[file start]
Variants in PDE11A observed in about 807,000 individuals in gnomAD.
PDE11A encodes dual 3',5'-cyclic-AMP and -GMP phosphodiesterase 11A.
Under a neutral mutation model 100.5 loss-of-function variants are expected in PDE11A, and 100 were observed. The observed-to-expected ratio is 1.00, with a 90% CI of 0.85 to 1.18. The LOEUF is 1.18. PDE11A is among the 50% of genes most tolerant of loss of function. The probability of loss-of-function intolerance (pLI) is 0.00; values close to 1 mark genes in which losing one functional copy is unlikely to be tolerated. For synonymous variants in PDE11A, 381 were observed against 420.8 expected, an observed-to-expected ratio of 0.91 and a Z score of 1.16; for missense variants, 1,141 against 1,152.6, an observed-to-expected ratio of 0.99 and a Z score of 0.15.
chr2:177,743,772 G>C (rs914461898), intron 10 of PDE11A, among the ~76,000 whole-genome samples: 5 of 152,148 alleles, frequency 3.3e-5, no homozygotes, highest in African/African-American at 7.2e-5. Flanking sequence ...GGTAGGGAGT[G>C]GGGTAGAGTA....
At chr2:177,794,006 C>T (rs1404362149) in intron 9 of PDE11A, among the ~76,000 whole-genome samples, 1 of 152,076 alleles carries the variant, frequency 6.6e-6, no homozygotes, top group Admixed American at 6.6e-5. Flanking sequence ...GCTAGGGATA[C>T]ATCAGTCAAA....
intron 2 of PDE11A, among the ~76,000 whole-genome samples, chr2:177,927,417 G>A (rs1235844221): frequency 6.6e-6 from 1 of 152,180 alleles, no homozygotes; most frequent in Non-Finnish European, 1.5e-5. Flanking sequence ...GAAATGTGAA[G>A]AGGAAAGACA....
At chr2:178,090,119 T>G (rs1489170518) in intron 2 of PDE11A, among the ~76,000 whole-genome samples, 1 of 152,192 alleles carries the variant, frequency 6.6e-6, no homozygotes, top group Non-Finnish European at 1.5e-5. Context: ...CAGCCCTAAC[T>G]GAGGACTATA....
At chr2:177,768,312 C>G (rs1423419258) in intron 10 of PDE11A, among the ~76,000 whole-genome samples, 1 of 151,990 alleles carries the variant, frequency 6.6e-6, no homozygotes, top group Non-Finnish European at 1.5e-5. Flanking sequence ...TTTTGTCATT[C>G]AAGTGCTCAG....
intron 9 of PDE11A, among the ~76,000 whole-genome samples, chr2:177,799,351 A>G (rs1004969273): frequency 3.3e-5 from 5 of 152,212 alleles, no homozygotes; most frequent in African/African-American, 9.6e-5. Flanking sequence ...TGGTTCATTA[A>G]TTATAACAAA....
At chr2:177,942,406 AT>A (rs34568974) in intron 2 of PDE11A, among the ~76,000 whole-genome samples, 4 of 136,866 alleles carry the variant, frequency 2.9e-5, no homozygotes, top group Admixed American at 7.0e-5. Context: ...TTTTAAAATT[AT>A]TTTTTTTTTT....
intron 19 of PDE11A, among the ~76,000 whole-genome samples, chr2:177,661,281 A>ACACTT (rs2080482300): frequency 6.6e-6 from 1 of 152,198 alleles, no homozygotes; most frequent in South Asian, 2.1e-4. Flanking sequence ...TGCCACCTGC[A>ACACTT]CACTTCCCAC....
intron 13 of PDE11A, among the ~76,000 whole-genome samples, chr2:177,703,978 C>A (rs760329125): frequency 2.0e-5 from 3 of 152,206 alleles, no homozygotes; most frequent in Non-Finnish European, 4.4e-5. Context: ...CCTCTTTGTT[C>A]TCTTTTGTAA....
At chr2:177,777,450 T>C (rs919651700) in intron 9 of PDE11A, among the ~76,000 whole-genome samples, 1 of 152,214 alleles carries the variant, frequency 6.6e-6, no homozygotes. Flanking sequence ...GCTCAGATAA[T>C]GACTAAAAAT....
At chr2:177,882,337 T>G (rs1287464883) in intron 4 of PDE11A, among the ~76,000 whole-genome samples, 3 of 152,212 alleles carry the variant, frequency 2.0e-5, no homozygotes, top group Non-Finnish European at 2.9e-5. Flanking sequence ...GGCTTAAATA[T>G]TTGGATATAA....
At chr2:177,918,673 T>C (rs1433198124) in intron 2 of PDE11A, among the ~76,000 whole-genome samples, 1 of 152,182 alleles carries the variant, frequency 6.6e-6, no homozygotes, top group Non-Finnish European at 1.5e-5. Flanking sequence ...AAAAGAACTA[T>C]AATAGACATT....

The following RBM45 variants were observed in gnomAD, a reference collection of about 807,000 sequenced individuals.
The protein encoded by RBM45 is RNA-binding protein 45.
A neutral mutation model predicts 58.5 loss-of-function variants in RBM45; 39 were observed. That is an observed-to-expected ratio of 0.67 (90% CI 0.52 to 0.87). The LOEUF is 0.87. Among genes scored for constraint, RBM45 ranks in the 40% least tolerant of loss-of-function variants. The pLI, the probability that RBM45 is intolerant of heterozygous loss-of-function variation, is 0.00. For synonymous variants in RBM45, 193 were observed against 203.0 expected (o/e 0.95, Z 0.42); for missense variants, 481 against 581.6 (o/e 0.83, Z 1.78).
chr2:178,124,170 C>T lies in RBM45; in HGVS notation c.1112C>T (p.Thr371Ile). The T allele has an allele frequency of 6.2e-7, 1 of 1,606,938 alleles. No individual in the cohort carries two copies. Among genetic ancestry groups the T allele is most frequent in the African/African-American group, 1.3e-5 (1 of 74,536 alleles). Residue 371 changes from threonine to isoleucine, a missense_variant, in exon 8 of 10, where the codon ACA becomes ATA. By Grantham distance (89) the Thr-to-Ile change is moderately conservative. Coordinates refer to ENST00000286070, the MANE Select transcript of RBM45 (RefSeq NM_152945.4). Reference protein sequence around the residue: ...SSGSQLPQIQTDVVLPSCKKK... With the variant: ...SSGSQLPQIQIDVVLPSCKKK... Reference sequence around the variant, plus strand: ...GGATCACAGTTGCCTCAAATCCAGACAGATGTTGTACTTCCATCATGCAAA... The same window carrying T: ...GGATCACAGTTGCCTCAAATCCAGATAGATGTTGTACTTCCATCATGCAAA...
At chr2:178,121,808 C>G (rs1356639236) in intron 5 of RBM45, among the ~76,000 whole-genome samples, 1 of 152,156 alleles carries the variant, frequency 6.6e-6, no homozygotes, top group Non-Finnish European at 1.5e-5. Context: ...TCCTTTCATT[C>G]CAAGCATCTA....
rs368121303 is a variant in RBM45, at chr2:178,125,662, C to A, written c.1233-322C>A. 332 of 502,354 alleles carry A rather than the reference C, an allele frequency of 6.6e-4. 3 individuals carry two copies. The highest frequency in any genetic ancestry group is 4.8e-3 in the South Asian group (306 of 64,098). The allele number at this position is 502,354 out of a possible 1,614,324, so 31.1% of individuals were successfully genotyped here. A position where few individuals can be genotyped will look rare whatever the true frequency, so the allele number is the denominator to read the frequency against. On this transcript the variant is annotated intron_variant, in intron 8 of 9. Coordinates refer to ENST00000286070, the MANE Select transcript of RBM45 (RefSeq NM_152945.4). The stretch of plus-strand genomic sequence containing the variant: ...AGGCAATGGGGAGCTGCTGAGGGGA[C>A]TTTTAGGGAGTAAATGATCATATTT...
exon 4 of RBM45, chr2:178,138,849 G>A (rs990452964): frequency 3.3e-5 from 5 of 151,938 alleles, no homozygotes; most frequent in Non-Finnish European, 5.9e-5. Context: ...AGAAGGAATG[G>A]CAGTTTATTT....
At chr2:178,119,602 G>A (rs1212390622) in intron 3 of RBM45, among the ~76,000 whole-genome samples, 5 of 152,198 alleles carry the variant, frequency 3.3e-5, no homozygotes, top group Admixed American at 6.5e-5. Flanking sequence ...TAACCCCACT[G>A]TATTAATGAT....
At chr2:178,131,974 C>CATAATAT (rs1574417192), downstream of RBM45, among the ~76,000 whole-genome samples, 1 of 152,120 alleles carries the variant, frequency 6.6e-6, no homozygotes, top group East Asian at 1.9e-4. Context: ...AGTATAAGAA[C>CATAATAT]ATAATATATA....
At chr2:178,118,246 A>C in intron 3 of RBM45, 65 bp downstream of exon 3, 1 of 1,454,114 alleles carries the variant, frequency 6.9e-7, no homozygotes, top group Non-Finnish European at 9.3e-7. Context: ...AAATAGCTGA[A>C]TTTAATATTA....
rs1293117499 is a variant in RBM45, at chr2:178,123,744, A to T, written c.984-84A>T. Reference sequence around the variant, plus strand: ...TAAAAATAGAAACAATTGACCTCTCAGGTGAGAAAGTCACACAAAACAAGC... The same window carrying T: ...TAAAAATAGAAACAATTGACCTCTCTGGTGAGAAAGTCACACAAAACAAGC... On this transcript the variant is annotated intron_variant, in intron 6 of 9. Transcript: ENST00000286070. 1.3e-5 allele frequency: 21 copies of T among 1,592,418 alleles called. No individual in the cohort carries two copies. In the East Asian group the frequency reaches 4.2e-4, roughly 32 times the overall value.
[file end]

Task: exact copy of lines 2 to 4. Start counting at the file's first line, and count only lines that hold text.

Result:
PDE11A encodes dual 3',5'-cyclic-AMP and -GMP phosphodiesterase 11A.
Under a neutral mutation model 100.5 loss-of-function variants are expected in PDE11A, and 100 were observed. The observed-to-expected ratio is 1.00, with a 90% CI of 0.85 to 1.18. The LOEUF is 1.18. PDE11A is among the 50% of genes most tolerant of loss of function. The probability of loss-of-function intolerance (pLI) is 0.00; values close to 1 mark genes in which losing one functional copy is unlikely to be tolerated. For synonymous variants in PDE11A, 381 were observed against 420.8 expected, an observed-to-expected ratio of 0.91 and a Z score of 1.16; for missense variants, 1,141 against 1,152.6, an observed-to-expected ratio of 0.99 and a Z score of 0.15.
chr2:177,743,772 G>C (rs914461898), intron 10 of PDE11A, among the ~76,000 whole-genome samples: 5 of 152,148 alleles, frequency 3.3e-5, no homozygotes, highest in African/African-American at 7.2e-5. Flanking sequence ...GGTAGGGAGT[G>C]GGGTAGAGTA....